Creative Product Branding

Better Branding for Better Products

Amazing Talent – This World is Full of it!

March 23, 2015 | by GiDesign | Comments Off

This Man Draws directly onto the screen with his eyes and this man paints blind.


Graham Fink

Graham Fink is a blind painter with a beautiful style using drastic color compositions
Jump to read below

John Bramblitt

John Bramblitt is a blind painter with a beautiful style using drastic color compositions
Jump to read below

Graham Fink

When I was at art school, our teachers would stand behind us and scrutinize the drawing and say ‘you’re not looking hard enough’. So I designed a piece of software in collaboration with a company called Tobaii, the world leaders in eye tracking technology. They make it possible for sensors to detect exactly where you are looking. The technology works by shining infra-red light straight into the eyes. The reflections are recorded by a camera through multi-algorithms and filters which allow eye movement to immediately be translated onto a screen. After many months of trail and error, we created a piece of code that would allow my eyes to draw a freestyle line, directly onto a computer screen, according to the different sensitivities of my eyes. I can predetermine the thickness of the line and color and then stare at the screen. As I begin to move my eyes, the line moves. No arms, no pencils or brushes. I am drawing with my eyes. More info:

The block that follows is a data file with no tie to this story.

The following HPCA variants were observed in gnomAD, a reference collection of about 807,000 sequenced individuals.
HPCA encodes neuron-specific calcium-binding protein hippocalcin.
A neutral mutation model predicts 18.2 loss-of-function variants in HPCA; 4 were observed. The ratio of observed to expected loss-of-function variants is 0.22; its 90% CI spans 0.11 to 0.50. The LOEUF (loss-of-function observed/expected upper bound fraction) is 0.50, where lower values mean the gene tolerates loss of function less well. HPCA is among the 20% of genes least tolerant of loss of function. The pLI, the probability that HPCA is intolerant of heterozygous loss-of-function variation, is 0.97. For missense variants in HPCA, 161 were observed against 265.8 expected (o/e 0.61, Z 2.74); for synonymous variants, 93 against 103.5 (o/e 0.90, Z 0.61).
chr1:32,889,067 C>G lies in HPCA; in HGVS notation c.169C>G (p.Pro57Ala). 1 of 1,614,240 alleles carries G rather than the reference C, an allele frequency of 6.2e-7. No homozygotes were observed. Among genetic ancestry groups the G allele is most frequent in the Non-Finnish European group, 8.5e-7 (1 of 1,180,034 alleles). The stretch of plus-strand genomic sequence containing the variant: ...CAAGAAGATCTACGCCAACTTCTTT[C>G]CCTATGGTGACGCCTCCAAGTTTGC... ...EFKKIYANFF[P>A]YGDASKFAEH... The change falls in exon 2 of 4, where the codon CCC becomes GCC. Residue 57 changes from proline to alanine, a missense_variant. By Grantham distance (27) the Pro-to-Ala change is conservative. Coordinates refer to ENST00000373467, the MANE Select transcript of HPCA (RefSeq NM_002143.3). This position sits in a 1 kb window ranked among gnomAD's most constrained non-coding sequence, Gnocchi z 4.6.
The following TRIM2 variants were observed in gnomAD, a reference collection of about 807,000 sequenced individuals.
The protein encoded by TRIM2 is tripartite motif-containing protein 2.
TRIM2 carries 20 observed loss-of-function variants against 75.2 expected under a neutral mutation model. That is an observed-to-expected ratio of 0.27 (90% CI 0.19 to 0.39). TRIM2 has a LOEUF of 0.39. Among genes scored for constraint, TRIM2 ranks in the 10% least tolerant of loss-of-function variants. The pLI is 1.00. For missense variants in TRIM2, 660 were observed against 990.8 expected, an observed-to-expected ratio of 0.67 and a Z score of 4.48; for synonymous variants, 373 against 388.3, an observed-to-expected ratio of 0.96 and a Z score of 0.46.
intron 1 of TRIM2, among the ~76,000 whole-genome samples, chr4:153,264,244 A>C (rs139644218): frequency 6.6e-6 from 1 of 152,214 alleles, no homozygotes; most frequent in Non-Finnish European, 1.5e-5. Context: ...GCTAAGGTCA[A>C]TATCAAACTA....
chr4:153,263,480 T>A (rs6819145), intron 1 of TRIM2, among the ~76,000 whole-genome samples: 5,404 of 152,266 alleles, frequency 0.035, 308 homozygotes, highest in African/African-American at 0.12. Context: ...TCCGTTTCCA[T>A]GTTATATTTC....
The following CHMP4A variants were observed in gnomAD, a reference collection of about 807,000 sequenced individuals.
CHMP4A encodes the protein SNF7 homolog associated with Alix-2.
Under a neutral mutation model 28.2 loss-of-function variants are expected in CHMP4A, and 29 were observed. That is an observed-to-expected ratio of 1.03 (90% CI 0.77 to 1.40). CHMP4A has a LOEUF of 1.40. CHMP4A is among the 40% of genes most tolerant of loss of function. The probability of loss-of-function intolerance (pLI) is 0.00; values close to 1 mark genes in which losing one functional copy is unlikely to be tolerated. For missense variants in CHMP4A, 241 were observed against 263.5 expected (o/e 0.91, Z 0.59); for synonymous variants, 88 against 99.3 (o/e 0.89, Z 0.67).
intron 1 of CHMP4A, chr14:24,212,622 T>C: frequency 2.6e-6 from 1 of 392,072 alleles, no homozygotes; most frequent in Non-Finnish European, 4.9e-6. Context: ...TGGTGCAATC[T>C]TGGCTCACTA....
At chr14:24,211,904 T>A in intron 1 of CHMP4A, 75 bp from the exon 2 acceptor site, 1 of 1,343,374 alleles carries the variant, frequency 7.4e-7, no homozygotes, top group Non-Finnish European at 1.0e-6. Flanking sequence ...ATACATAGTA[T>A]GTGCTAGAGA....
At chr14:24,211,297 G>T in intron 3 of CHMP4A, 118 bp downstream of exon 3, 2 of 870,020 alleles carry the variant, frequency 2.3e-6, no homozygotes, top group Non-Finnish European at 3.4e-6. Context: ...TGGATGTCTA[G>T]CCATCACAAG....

When I was at art school, our teachers would stand behind us and say ‘you’re not looking hard enough’

The trouble is, there is a lot of process going on between your eyes looking at something and then transferring that information to your brain, down your arms through your pencil and onto the paper


I thought, wouldn’t it be wonderful to draw directly using just my eyes?

So I designed a piece of software [that use] eye tracking technology and allow my eyes to draw directly onto a computer screen

I draw the lines in my mind’s eye and sooner or later a face appears. I work with this trusting my unconscious

The lines appear like digital charcoal markings. I then print the more successful ones onto white marble

Concentrating on screen


John Bramblitt